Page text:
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WTE Sweden Åke E:son Lindman

A Look at Burning Trash for Energy

A video about Sweden’s efficient trash burning system went viral on social media last year, leaving many Americans questioning why the U.S. doesn’t burn more garbage.

Last year, a video about Sweden’s efficient trash burning system went viral on social media, leaving many Americans questioning why the U.S. doesn’t burn more garbage. And now, Salon has released an article that explains how America and other countries manage their waste.

Salon has the details:

Earlier this year, a video explaining Sweden’s efficient trash burning system made the Facebook rounds, touting a shocking statistic: less than one percent of this country’s household waste ends up in a landfill. Instead, much of it is incinerated and converted into usable electricity and heat via waste-to-energy plants. In the U.S., the clip left the social media community scratching its collective head, and asking: Why aren’t Americans burning more of our own garbage?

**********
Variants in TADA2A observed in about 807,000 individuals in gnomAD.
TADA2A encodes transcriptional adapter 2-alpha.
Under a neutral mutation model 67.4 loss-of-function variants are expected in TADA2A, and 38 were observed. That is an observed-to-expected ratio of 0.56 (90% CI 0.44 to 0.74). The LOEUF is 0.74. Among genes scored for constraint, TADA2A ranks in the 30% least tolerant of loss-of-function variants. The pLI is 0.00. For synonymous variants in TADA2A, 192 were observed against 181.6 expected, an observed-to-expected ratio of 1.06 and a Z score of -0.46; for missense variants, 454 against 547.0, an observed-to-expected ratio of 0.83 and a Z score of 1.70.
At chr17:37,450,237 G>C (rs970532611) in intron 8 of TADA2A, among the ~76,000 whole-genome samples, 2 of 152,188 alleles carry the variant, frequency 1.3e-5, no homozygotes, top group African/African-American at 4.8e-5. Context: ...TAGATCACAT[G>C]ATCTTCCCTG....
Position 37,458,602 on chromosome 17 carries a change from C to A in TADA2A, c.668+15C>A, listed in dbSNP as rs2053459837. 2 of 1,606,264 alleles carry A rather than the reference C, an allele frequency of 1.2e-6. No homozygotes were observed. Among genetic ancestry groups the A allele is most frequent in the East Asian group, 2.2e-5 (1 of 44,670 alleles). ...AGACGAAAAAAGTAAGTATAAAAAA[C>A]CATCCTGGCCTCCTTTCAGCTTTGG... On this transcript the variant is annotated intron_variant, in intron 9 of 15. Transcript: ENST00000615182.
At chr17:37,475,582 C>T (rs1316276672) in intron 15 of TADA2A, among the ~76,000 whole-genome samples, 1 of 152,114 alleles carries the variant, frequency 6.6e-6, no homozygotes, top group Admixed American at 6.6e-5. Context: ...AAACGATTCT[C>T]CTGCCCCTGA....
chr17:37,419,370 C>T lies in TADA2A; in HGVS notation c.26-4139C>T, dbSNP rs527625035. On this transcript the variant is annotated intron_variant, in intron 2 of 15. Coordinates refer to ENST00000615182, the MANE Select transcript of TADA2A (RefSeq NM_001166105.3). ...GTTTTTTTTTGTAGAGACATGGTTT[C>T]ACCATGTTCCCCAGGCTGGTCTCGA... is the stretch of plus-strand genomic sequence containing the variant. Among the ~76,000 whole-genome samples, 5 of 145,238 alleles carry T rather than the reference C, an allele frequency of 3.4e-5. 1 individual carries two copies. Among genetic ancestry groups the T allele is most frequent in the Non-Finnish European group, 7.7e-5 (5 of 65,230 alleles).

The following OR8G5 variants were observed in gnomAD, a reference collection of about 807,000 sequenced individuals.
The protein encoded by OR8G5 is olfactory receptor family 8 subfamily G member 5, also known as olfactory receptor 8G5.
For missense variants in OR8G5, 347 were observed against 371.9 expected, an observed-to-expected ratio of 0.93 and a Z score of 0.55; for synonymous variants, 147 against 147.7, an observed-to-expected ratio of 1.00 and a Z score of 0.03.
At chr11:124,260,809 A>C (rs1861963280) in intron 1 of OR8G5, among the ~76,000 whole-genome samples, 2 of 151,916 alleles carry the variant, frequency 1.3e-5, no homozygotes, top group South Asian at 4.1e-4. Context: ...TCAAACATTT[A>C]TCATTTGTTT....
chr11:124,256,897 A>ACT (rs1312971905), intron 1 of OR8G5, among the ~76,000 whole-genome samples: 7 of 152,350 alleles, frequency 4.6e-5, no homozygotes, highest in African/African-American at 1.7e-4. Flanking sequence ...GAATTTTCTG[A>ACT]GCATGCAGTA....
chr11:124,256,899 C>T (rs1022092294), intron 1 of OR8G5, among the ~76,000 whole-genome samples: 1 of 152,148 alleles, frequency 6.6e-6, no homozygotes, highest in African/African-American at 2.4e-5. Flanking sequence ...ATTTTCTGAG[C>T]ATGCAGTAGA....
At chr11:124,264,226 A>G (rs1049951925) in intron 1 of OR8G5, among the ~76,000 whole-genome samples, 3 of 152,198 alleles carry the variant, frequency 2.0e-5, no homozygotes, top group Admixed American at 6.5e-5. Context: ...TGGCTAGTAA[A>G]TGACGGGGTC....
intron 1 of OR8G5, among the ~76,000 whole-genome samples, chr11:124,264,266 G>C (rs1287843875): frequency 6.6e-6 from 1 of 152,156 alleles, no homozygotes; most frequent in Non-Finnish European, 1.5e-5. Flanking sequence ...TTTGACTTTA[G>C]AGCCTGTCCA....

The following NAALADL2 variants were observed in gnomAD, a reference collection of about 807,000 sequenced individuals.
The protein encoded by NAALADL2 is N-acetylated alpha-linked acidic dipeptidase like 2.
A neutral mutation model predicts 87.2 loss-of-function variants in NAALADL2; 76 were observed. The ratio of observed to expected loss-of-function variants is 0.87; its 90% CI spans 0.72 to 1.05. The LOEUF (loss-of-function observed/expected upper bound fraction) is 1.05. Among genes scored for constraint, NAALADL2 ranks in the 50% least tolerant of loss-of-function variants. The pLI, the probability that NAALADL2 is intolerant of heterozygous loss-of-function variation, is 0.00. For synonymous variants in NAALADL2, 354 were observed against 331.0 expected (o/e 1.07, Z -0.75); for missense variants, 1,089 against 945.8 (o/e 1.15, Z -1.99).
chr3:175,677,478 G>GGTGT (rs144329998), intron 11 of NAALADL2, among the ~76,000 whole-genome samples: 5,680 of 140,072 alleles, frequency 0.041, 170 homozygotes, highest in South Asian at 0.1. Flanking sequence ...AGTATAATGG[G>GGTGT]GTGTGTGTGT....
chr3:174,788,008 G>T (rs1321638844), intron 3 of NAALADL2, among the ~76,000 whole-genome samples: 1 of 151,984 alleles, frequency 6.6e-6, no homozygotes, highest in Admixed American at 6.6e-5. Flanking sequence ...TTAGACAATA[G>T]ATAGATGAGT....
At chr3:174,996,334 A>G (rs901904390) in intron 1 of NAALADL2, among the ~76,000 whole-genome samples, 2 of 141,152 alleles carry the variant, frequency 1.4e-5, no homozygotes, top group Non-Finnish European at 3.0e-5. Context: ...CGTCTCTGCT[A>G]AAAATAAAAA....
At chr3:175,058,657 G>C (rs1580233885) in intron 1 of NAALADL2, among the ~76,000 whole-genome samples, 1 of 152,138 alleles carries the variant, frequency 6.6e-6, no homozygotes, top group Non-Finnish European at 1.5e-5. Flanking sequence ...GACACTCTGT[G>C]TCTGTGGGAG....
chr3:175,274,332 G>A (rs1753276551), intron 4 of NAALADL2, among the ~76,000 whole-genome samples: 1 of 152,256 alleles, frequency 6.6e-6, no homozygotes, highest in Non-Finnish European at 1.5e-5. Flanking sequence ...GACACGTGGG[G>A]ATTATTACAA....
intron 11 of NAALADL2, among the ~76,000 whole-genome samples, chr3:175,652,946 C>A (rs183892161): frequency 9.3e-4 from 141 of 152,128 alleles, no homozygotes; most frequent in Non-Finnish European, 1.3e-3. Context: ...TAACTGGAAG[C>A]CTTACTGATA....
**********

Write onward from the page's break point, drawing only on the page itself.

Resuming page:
Considering we’re in the midst of a trash crisis, it’s a good question. Every year, humans generate more than a billion tons of solid waste, and that number will be closer to 4 billion by 2100. In America, each of us throws away more than seven pounds of garbage a day. In other words: we’re surrounded by rubbish, and because our population is on the rise, the problem is set to get worse.

Read the full story here.

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